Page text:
WASHINGTON, D.C., January 10, 2018 (LifeSiteNews) – In a victory for religious freedom, the United States’ Supreme Court let stand a Mississippi law protecting Christians and other religious people from punishment by the government when they decline to provide services for same-sex “wedding” ceremonies.
The nation’s highest court declined to hear an appeal of Mississippi’s “Protecting Freedom of Conscience from Government Discrimination Act,” signed into law by pro-life Governor Phil Bryant in April 2016, but blocked ever since.
“We are pleased that the Supreme Court declined to take up these baseless challenges,” Alliance Defending Freedom (ADF) Senior Counsel Kevin Theriot said. He said that the entire purpose of the Mississippi law was so citizens “don’t live in fear of losing their careers or their businesses simply for affirming marriage as a husband-wife union.”
The law restrains government from punishing Christians who opt out of officiating or participating in homosexual “marriages.” It does not allow businesses to refuse service in general, but only applies to personal affirmation by participation in ceremonies that violate their sincerely held beliefs.
The law also protects entities that keep bathrooms for men and women separate.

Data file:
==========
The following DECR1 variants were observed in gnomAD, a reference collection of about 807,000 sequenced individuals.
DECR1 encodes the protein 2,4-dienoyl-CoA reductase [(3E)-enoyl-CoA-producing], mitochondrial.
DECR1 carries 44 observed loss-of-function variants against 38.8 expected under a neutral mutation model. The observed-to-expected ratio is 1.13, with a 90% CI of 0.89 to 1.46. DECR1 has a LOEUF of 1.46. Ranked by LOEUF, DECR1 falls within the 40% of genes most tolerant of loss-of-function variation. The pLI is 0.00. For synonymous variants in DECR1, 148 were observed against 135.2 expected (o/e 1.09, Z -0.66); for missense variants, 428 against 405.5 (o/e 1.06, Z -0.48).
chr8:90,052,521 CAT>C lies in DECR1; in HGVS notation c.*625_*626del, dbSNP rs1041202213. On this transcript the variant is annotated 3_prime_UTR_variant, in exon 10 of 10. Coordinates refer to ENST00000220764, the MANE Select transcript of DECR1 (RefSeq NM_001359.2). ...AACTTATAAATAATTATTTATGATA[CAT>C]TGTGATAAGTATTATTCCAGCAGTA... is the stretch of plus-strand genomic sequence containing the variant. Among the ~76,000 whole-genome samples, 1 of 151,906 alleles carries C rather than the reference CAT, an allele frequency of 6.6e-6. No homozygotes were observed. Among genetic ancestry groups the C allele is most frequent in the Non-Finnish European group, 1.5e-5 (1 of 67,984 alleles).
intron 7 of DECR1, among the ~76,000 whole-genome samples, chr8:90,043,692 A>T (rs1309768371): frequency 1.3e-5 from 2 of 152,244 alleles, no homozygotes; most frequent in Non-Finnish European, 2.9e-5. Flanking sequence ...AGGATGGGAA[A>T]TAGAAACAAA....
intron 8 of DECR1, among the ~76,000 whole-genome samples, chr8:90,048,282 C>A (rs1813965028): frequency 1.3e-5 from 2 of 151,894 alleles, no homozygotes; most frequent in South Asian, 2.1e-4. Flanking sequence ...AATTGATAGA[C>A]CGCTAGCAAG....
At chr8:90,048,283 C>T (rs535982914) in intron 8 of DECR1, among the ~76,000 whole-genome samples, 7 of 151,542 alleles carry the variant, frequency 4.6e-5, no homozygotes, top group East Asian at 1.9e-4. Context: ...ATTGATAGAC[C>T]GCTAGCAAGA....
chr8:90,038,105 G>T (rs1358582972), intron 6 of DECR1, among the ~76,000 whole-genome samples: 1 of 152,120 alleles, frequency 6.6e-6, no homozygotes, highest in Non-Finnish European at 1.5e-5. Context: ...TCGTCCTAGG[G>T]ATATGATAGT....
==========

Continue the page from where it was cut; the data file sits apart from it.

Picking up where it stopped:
As soon as the law passed the legislature and was signed, the American Civil Liberties Union sued to stop it. In June 2016, District Judge Carlton Reeves struck down part of it, ordering county clerks in the state to issue homosexual licenses no matter what their religion taught.
On appeal, a three-judge panel of the U.S. Fifth Circuit Court of Appeals unanimously vacated Reeves’ decision, letting the Mississippi Freedom of Conscience Act go into effect whole. The appellate court reasoned that challengers could not “show clear injury-in-fact that satisfies the ‘irreducible constitutional minimum of standing.’”
“Those who haven’t been and won’t be harmed by this law shouldn’t be allowed to restrict freedom for others,” Theriot explained.
New York Governor Andrew Cuomo responded to the Mississippi’s Freedom of Conscience Act by banning state employee’s travel to Mississippi.
And so the case came all the way to the U.S. Supreme Court, which has now refused to hear an appeal of the Fifth Circuit upholding the law. The Supreme Court did not offer an explanation.
Gay advocacy groups are bemoaning the decision. “Unfortunately, the Supreme Court’s decision today leaves LGBT people in Mississippi in the crosshairs of hate and humiliation, delaying justice and equality,” Lambda Legal attorney Beth Littrell said.
Pro-marriage and family advocates hope the Supreme Court’s decision allowing the Mississippi law to stand will influence other, similar cases for religious freedom. The high court did take up the case of Masterpiece Cakeshop v. Colorado Civil Rights Commission. Oral arguments were heard last month and a decision is expected in June.